If nothing else the #REconsult process has made us confront some fundamental questions about RE. It has an individual place in our schools being compulsory, but not in the National Curriculum, with syllabuses agreed locally or taken from faith traditions. Perhaps more so than with any subject it’s quality and purpose varies greatly.
Charlotte Vardy has been very actively involved on Twitter and in Blogging about her thoughts on the #REconsult process. I do genuinely share her belief that if something is worth doing, it should be done well. However it is also important to remember that we are at the absolute mercy of the DfE and ministers appointed to Education. Michael Gove has gone, but Nicky Morgan has not made any radical changes to the whole reform process, and who knows what happens if Tristram Hunt takes over in May. Education is not apolitical.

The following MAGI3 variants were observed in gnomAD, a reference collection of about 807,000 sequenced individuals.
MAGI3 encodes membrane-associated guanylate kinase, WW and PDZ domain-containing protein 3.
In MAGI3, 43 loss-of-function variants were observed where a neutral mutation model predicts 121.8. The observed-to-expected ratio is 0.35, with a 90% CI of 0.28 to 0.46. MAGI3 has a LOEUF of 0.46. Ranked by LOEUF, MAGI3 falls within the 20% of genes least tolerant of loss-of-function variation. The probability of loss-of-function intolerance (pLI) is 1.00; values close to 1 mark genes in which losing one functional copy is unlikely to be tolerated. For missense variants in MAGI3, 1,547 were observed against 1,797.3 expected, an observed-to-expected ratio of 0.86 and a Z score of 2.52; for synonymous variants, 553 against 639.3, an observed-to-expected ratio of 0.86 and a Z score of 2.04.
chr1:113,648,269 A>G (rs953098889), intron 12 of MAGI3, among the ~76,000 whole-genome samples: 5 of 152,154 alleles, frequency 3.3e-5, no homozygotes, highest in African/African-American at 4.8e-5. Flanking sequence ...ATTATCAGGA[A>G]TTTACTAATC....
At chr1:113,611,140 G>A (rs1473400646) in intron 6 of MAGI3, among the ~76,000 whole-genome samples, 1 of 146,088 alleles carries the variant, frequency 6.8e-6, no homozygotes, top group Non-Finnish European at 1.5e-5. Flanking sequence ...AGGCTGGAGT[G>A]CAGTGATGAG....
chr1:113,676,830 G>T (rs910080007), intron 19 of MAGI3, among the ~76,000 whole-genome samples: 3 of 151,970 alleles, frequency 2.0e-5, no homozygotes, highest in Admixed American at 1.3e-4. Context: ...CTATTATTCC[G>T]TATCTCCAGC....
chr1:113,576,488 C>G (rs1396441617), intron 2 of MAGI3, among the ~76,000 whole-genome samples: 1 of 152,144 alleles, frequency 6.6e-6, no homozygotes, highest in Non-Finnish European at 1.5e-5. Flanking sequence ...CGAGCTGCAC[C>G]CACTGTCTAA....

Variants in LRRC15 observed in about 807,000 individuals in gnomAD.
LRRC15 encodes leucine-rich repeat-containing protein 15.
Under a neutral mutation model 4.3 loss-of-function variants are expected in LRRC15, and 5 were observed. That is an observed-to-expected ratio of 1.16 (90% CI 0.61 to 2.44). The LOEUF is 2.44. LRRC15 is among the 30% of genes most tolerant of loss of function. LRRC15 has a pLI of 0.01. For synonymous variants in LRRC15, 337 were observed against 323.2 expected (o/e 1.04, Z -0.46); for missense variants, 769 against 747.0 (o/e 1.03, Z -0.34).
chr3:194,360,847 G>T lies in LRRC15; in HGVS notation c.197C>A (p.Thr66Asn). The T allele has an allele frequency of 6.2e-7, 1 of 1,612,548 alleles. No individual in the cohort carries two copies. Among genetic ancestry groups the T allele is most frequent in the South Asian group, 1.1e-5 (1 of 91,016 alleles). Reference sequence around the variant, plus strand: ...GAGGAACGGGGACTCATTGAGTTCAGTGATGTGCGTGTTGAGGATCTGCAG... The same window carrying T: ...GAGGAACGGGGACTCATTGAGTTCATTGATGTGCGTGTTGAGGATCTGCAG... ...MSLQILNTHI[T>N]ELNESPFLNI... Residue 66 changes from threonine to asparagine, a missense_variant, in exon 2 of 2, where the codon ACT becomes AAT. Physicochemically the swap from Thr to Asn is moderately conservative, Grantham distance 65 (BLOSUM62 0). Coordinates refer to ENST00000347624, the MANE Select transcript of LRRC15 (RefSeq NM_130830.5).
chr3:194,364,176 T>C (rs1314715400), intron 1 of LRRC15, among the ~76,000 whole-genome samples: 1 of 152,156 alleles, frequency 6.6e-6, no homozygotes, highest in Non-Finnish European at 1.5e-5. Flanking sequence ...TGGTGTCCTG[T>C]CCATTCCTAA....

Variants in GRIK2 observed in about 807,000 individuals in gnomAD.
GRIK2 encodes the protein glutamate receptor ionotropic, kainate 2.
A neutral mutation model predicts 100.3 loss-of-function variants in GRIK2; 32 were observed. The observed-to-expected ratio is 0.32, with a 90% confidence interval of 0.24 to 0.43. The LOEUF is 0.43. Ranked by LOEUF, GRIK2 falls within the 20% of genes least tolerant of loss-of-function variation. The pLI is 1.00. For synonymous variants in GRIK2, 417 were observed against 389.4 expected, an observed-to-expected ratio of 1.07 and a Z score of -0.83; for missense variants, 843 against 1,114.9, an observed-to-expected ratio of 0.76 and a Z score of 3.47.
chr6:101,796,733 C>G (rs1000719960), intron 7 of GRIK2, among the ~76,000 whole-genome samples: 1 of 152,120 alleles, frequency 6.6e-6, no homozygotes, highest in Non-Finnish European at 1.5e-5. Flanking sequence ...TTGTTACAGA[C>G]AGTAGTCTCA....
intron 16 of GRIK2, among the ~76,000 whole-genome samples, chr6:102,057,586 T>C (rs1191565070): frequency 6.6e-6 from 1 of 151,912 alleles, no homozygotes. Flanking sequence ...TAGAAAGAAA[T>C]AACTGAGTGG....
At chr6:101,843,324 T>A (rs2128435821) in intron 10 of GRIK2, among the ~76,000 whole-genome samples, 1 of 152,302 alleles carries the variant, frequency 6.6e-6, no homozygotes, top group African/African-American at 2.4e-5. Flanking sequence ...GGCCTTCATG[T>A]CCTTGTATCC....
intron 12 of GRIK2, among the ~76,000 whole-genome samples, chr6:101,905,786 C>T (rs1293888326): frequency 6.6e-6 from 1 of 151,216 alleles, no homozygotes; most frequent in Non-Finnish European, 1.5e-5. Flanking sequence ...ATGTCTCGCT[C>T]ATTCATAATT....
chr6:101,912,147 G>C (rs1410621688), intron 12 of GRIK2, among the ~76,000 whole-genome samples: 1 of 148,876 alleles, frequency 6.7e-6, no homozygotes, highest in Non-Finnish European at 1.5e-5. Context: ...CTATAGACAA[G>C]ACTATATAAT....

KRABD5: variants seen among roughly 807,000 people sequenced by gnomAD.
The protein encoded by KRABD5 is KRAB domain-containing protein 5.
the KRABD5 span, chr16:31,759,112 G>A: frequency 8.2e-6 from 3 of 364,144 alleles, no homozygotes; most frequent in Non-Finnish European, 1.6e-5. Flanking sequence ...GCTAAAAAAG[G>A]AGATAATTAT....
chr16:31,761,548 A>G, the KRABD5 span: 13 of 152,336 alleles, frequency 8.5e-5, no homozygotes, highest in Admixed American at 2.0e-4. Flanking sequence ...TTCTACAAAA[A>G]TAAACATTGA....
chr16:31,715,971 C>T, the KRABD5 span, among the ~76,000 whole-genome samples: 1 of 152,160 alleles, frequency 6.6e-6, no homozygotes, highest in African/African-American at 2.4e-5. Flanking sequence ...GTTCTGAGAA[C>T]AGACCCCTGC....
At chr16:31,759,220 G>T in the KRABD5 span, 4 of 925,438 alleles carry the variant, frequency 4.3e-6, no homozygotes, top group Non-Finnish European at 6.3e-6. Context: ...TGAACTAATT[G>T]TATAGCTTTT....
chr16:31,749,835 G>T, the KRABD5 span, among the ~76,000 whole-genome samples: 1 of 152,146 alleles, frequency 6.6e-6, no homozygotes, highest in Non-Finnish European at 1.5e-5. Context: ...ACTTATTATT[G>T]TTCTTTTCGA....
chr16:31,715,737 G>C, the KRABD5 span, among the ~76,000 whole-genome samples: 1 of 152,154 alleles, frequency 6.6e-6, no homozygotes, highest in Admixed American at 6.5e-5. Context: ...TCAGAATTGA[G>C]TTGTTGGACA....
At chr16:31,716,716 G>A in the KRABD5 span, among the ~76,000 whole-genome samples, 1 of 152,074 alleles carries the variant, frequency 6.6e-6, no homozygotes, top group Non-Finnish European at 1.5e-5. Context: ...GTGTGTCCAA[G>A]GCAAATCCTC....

- Religious Studies is where we teach young people about their own religion, which includes reference to other religions and non-religious world views.
- Religious Studies supports young people in their quest for personal meaning.
- Religious Studies supports the school ethos, provides a “hub” for SMSC learning and a good opportunity to tackle many current issues of personal or social concern – from cyber-bullying to charity campaigning.
- Religious Studies is just another academic humanities subject, like History or Geography
- Religious Studies is what we call History of Ideas and/or Theory of Knowledge in the English education system, which otherwise lacks a philosophical core